CAMP SENAWANG, Malaysia - Four Soldiers in gas masks run their patient in on a stretcher. They are dressed head to toe in protective Mission Oriented Protective Posture gear. This gear is designed to protect them from chemical, biological, radiological or nuclear threats. Their patient is in MOPP gear too, and before he can be treated, he must be decontaminated.
The patient is washed repeatedly over multiple stations, and with different solutions. He cannot simply be undressed, but at each stage, he must receive a new treatment. Another soldier uses a scanner to check the patient for contamination.
For now this is just a training exercise. These soldiers are participating in a practice decontamination as part of Exercise Keris Strike 2018, Camp Senawang, Malaysia, July 25.
On the sidelines, Staff Sgt. Scott Salmon, 540th Chemical Detachment, 420th Chemical Battalion, 96th Troop Command, Washington Army National Guard, watches the demonstration and gives step-by-step analysis for his audience.
"I really enjoyed having the American Soldiers alongside the Malaysian soldiers," said Salmon, one of the course instructors. "Being able to come into that fellowship of the international soldier, we are really after the same goal, which is safeguarding our homelands, and protecting our people."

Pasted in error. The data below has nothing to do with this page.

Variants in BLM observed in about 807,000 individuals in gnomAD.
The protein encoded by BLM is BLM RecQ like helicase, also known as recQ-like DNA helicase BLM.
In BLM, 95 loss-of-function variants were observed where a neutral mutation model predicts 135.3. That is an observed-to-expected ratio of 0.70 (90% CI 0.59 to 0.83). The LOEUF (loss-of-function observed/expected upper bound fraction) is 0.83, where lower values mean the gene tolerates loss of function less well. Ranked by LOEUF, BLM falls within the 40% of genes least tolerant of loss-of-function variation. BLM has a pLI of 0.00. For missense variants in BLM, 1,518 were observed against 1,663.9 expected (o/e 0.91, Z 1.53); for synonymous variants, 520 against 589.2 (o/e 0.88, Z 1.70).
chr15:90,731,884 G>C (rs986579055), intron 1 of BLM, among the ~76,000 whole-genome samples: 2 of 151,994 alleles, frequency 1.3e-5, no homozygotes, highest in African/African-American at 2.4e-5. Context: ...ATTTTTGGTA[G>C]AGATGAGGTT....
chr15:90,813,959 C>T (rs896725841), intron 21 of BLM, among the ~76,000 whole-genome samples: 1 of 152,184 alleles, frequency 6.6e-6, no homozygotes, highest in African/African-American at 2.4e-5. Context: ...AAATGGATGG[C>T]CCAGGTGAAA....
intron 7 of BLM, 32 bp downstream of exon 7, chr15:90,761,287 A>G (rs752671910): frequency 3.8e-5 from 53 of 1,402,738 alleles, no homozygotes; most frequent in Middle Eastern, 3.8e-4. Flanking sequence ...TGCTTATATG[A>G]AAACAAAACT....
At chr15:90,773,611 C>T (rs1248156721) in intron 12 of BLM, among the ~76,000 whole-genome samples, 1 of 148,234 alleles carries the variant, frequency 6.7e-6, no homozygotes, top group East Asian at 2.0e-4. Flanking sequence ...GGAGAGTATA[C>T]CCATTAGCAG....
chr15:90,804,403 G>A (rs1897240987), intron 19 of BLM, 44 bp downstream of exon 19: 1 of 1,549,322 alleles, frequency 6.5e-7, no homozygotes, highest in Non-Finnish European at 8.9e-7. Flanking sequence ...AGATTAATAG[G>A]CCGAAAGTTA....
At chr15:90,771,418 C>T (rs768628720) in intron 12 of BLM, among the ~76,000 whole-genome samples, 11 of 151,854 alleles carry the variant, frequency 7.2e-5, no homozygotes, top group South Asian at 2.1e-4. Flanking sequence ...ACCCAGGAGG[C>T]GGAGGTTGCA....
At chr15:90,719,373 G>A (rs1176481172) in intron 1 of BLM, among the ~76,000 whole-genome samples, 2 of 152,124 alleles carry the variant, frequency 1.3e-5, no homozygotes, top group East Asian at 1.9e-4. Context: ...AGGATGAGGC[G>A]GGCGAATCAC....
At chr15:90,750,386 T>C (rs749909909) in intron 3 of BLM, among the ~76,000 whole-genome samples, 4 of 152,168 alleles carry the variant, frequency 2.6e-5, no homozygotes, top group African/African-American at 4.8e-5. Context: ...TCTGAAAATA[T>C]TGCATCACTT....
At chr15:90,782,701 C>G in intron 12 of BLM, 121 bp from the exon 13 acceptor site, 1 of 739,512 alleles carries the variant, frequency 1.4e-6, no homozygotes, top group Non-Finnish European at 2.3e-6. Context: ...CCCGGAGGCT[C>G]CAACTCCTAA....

Classes were given to a combined audience of U.S. and Malaysian soldiers. Soldiers with the 15th Royal Malay Regiment, and Charlie Company, 100th Battalion, 442nd Infantry Regiment, U.S. Army Reserve, were familiarized with the definition of CBRN by Malaysian instructors, and were then shown the basics of MOPP equipment by U.S. instructors.
Theses Malaysian and U.S. instructors know each other. The Malaysian instructors, with Malaysian Engineer Regiment, Defense Nuclear Biological Chemical Section, worked with the Soldiers of the 540th during the last iteration of Keris Strike.
"It has been great seeing the camaraderie that we share," said Salmon.
During the last Keris Strike, they got to know each other well. They still know each other's first names.
"It has been great to see [Malaysian] soldiers who were considered younger, actually leading classes this year," said Salmon. "This [improvement] is not something intangible, this can actually be measured."
This partnership gets to the heart of Keris Strike. Not only are U.S. and Malaysian teams made better by teaching each other, but the connection between the two has grown strong.
These global connections create a foundation for a peaceful and prosperous future for Malaysia and the U.S.
"Being able to see the people that I worked with last year, and have them recognize me and to see that they [The Malaysian CBRN unit] have incorporated some of the things that we taught them last year, really makes this all worth it," Salmon said.